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$9.4b surplus proves no need for congestion charge

Media release

Newmarket Business Association


5 May 2006


$9.4b surplus proves no need for congestion charge

"News out from Treasury today that the Government is boasting a staggering $9.4 billion operating surplus for the nine months to 31 March, shows ring-fencing central Auckland and charging drivers to enter is a totally unnecessary revenue gathering exercise," said Cameron Brewer, head of the Newmarket Business Association.

"A mind blowing operating surplus like this completely discredits the Ministry of Transport's latest recommendation that more money needs to be collected from drivers to help pay for a road funding deficit. The Government has plenty of money. It doesn't need to hold out its begging bowl for more, especially at the expense of central Auckland retailers like ours.

"Transit is having to slow down its road building programme because it can't find $685 million to complete its 10-year national plan. Further, the Government is now considering a road pricing study which is all about making more money out of the already overly taxed Auckland driver.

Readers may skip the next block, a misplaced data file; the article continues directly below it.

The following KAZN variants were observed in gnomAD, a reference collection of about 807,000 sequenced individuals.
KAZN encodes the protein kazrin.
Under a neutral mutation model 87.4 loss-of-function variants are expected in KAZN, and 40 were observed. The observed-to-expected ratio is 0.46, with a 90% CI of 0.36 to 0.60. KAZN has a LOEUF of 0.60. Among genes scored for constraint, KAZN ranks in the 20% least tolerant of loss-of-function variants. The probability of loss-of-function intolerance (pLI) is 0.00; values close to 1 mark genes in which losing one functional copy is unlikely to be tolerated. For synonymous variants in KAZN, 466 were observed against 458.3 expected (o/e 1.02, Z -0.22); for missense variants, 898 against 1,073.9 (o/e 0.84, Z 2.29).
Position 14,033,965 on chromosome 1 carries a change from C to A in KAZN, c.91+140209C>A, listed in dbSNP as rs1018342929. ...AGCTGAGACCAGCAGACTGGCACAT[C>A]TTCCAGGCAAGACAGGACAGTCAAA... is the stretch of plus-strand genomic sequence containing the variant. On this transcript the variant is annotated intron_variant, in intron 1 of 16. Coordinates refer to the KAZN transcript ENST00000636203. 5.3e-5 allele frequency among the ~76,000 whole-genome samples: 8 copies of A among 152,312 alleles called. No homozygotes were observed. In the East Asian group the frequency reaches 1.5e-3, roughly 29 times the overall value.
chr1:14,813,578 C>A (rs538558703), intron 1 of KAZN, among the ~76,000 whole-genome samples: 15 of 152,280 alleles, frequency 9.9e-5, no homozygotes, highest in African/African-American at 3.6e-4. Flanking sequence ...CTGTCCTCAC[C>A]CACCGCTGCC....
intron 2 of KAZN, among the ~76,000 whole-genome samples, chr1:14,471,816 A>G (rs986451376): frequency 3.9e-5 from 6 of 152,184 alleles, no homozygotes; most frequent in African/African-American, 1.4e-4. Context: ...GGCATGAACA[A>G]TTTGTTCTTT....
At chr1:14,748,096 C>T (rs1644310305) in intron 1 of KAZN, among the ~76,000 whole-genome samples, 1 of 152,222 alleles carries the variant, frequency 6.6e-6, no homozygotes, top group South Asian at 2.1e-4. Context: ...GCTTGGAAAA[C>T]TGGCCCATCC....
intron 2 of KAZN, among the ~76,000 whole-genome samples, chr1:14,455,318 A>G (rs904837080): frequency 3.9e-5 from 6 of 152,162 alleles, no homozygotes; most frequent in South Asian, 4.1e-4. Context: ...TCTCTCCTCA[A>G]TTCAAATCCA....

"This $9.4 billion operating surplus, $3.5 higher than forecast, kills any argument from the Government that it can't afford to fix Auckland's transport woes. There is no credibility in ring-fencing the likes of Newmarket and the CBD and charging drivers to enter when the Treasury coffers are so fill.

"Further, the Government already collects more than enough directly off Auckland drivers through the likes of the extra five cents on fuel excise and extra GST thanks to ongoing fuel price hikes. Its challenge now is to start spending all the money it collects from transport actually on transport.

"The Government needs to drop its obsession with a London-style congestion charge for the central Auckland business areas, and start directing the hefty surplus it is already making off Auckland taxpayers and drivers towards fixing Auckland's transport shortcomings.

"Today's news proves that the Government has more than enough money to invest in the country's largest city without having to disadvantage Auckland businesses and drivers by introducing a punitive and unfair tolling system for the central city," said Cameron Brewer

ENDS

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